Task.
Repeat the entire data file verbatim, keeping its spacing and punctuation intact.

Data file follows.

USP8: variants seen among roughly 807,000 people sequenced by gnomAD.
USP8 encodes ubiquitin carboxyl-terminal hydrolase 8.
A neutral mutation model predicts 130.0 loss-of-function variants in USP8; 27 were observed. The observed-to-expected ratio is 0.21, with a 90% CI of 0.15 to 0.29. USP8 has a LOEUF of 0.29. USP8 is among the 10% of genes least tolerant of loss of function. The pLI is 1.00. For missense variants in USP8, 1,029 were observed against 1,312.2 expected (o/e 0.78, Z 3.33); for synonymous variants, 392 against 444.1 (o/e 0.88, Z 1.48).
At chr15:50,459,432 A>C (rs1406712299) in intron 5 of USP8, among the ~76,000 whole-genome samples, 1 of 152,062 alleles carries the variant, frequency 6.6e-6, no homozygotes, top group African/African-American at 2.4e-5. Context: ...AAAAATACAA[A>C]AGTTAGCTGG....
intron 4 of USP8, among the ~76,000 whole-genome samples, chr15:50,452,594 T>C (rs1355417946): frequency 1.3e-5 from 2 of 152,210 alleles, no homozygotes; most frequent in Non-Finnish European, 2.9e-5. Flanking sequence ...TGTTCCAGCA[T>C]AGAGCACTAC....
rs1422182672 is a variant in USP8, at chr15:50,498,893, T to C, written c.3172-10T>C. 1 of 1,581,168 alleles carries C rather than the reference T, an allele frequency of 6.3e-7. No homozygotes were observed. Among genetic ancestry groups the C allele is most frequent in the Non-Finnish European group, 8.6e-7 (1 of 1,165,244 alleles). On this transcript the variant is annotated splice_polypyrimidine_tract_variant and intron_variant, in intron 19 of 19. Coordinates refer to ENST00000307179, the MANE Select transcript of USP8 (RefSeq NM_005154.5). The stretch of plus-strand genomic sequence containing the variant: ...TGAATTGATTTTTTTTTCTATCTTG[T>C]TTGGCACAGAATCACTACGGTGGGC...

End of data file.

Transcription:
USP8: variants seen among roughly 807,000 people sequenced by gnomAD.
USP8 encodes ubiquitin carboxyl-terminal hydrolase 8.
A neutral mutation model predicts 130.0 loss-of-function variants in USP8; 27 were observed. The observed-to-expected ratio is 0.21, with a 90% CI of 0.15 to 0.29. USP8 has a LOEUF of 0.29. USP8 is among the 10% of genes least tolerant of loss of function. The pLI is 1.00. For missense variants in USP8, 1,029 were observed against 1,312.2 expected (o/e 0.78, Z 3.33); for synonymous variants, 392 against 444.1 (o/e 0.88, Z 1.48).
At chr15:50,459,432 A>C (rs1406712299) in intron 5 of USP8, among the ~76,000 whole-genome samples, 1 of 152,062 alleles carries the variant, frequency 6.6e-6, no homozygotes, top group African/African-American at 2.4e-5. Context: ...AAAAATACAA[A>C]AGTTAGCTGG....
intron 4 of USP8, among the ~76,000 whole-genome samples, chr15:50,452,594 T>C (rs1355417946): frequency 1.3e-5 from 2 of 152,210 alleles, no homozygotes; most frequent in Non-Finnish European, 2.9e-5. Flanking sequence ...TGTTCCAGCA[T>C]AGAGCACTAC....
rs1422182672 is a variant in USP8, at chr15:50,498,893, T to C, written c.3172-10T>C. 1 of 1,581,168 alleles carries C rather than the reference T, an allele frequency of 6.3e-7. No homozygotes were observed. Among genetic ancestry groups the C allele is most frequent in the Non-Finnish European group, 8.6e-7 (1 of 1,165,244 alleles). On this transcript the variant is annotated splice_polypyrimidine_tract_variant and intron_variant, in intron 19 of 19. Coordinates refer to ENST00000307179, the MANE Select transcript of USP8 (RefSeq NM_005154.5). The stretch of plus-strand genomic sequence containing the variant: ...TGAATTGATTTTTTTTTCTATCTTG[T>C]TTGGCACAGAATCACTACGGTGGGC...